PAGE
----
With Tilghman retirement, search committee begins
The 17-member search committee, which will be staffed by University Vice President and Secretary Robert Durkee ’69, will consist of nine trustees, four faculty members, two undergraduate students, a staff member and a graduate student. The specific members of the committee have not yet been announced publicly, though Durkee said the trustee delegation has been finalized.
Chair of the University Board of Trustees Kathryn Hall ’80 said information about the search committee will not be available until the group meets for the first time by the third week of October. At that time, the names of the members of the committee will be made public.
USG president Bruce Easop ’13 said there will be an open application process for selecting and interviewing the two undergraduate representatives to serve on the committee. The application will be sent out tomorrow and seniors will be favored in the selection process.
Unlike when former USG president PJ Kim ’01 served as one of the undergraduate representatives on the search committee that led to Tilghman’s selection in 2001, Easop said he will not pursue the position in order to offer other students an opportunity to sit on the committee.
The USG will conduct the interview process and make nominations to the board for approval in October. The decision to have an open application comes as part of a USG initiative to foster better campus representation, rather than allowing the USG to handle the nomination internally. The previous presidential search committee in 2001 held a similar application process for the undergraduate positions.
“The decision to hold an open application process for these undergraduate slots was a decision upheld by all of the USG,” Easop said. “This is a fantastic opportunity to impact the University in the decades to come.”
Tilghman said on Saturday that, while she was willing to offer advice on the search to the committee, she “will play absolutely no role” in the committee’s ultimate selection and that she is not involved in the selection of the committee’s composition.
Tilghman’s retirement announcement comes at a time of transition for other Ivy League leadership. Yale President Richard Levin announced last month that he would leave after 20 years at the helm, and last spring former Dartmouth president Jim Yong Kim left in order to take a job leading the World Bank. Last spring, former Wilson School dean Christina Paxson departed Princeton to lead Brown.
Currently, five of the eight Ivy League universities are led by women. The Association of American Universities, a nonprofit which Princeton co-founded in 1900, composed of prominent research universities was chaired by Tilghman from October 2008 to October 2009.
“Shirley Tilghman was a very effective chair of AAU; she was a very vocal and strong advocate for research universities,” AAU Vice President for Public Affairs Barry Toiv said. “Her absence after more than a decade and Rick Levin’s after 20 years will be felt. There was a lot of stability there that’s leaving.”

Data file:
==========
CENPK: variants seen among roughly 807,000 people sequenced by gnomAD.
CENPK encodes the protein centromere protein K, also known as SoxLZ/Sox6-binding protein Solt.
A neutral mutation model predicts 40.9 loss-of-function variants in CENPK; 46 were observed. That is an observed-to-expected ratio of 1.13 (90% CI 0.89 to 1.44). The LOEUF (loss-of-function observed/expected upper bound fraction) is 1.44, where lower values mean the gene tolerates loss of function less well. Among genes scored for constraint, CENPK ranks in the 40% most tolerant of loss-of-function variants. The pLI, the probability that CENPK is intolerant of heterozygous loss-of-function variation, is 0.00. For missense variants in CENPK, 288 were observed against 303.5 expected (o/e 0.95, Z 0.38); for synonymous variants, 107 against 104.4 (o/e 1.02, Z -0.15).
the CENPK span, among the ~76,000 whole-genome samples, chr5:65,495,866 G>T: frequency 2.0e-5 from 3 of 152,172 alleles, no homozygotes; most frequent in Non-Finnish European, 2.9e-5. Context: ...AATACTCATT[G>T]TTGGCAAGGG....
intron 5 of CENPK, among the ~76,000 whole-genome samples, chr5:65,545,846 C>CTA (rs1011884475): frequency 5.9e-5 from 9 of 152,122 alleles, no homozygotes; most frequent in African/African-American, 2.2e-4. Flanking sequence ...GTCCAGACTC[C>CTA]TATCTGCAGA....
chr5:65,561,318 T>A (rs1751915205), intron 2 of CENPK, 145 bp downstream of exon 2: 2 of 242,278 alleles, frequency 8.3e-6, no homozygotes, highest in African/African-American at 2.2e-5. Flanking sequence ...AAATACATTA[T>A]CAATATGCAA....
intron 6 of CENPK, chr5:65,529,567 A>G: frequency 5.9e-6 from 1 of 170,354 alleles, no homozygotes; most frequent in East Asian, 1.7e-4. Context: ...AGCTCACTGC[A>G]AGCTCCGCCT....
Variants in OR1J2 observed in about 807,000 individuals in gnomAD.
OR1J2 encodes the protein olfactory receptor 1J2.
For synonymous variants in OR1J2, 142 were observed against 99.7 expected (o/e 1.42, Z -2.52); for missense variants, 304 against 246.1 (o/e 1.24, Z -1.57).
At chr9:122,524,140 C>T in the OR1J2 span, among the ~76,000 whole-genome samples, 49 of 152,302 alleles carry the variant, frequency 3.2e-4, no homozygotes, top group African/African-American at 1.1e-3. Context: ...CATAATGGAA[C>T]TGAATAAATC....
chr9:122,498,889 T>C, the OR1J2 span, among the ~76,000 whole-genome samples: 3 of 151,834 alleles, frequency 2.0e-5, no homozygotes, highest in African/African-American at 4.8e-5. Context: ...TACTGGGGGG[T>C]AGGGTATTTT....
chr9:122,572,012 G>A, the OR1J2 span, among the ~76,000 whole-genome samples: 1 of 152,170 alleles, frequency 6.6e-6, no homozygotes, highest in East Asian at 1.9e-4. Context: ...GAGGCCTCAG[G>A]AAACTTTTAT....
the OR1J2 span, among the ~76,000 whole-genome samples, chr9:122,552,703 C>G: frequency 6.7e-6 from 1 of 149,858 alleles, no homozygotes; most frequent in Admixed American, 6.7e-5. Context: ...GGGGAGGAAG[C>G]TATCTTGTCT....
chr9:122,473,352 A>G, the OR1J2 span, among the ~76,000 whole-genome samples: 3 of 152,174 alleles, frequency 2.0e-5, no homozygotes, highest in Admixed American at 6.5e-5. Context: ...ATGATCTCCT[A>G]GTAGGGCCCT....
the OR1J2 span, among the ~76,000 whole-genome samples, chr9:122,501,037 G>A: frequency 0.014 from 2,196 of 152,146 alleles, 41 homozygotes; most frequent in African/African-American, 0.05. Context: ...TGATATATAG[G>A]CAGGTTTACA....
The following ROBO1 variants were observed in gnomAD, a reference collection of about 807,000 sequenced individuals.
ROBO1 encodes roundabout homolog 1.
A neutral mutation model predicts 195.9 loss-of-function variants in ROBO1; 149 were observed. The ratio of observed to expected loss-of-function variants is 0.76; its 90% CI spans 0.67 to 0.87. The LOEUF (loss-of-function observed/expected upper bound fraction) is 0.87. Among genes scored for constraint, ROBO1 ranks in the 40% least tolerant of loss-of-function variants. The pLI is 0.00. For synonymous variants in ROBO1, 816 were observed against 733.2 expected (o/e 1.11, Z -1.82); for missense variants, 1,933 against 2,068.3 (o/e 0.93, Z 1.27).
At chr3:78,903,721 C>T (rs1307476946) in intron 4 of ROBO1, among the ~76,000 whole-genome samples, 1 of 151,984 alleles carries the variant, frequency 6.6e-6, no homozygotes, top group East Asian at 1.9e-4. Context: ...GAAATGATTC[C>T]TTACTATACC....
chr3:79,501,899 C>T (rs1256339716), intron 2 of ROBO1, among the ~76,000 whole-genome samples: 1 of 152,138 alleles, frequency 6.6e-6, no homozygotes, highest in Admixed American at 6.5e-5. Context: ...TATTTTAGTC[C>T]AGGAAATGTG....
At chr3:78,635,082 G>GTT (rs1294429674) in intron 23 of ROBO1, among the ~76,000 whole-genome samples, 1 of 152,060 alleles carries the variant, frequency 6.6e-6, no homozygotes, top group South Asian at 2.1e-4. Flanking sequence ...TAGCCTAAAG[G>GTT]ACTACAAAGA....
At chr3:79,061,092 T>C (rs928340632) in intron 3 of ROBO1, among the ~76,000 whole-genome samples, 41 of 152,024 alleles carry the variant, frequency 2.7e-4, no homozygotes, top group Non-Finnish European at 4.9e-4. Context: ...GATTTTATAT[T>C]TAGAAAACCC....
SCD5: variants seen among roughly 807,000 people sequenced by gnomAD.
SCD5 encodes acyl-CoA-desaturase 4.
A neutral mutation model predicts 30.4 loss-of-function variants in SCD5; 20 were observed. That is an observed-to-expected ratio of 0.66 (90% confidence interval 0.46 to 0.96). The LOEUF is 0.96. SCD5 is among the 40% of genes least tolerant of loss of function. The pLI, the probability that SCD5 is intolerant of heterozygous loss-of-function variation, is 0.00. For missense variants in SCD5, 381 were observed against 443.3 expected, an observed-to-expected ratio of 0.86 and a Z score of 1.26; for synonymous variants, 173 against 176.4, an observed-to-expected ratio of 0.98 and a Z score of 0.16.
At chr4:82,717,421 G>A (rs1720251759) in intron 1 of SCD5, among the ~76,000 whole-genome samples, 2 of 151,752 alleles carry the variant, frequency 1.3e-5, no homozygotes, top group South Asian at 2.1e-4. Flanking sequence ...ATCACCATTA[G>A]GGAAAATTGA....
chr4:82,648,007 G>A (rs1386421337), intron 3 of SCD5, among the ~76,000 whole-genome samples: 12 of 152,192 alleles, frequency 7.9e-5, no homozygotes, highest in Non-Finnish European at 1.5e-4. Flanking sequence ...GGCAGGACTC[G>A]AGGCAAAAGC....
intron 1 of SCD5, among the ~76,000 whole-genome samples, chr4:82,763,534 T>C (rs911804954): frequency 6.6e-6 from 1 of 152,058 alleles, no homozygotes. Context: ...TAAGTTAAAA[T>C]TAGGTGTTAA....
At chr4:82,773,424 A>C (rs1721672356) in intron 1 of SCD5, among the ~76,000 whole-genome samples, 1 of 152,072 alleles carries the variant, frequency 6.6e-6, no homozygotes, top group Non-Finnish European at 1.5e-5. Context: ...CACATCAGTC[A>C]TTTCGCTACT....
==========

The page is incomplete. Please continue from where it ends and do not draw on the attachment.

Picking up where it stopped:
This will be the first presidential search committee assembled under Hall, who became chair of the board last year. While other search committees have been assembled to fill leadership positions in the Wilson School, none have been dedicated to finding such a critical replacement as University president.
The search for the successor to former University president Harold Shapiro GS ’64 called upon a similar search committee of 18 University members from a range of constituencies, according to Paul Wythes ’55, a former trustee who was vice chairman of the search committee over a decade ago.
The search that chose Shapiro began in 2000 and concluded in May 2001, when the trustees approved Tilghman’s selection. During that search, the University did not hire a search firm but delegated the task of compiling a list of candidates to members of the committee. Only the 18 members of the committee had the key to the prospective list of candidates kept in Nassau Hall, Wythes said. The final step was extensively interviewing those five or six candidates that became finalists. The search for Tilghman took six months.
Additionally, higher education recruiting firms that headhunt leadership talent on behalf of universities searching for their next president or other leadership posts have been used by the University in the past. The search in 2001 was not outsourced, according to Wythes, but it is unclear whether the University will utilize one of these companies during this search.
John Isaacson, an executive recruiter who is involved in the search for the new Dartmouth president acknowledged that Princeton had been a client in the past. He said he would not be involved with this search in any capacity.
A study published by the American Council on Education last March offered an empirical look at University presidencies. The study found that the average president in the United States serves for seven years, is 61 years old, is white and married and holds an advanced degree in education. Twenty percent of presidents arrive at their post from outside of academia, a trend that has become more popular since 1986 when the report first began publishing on an annual basis.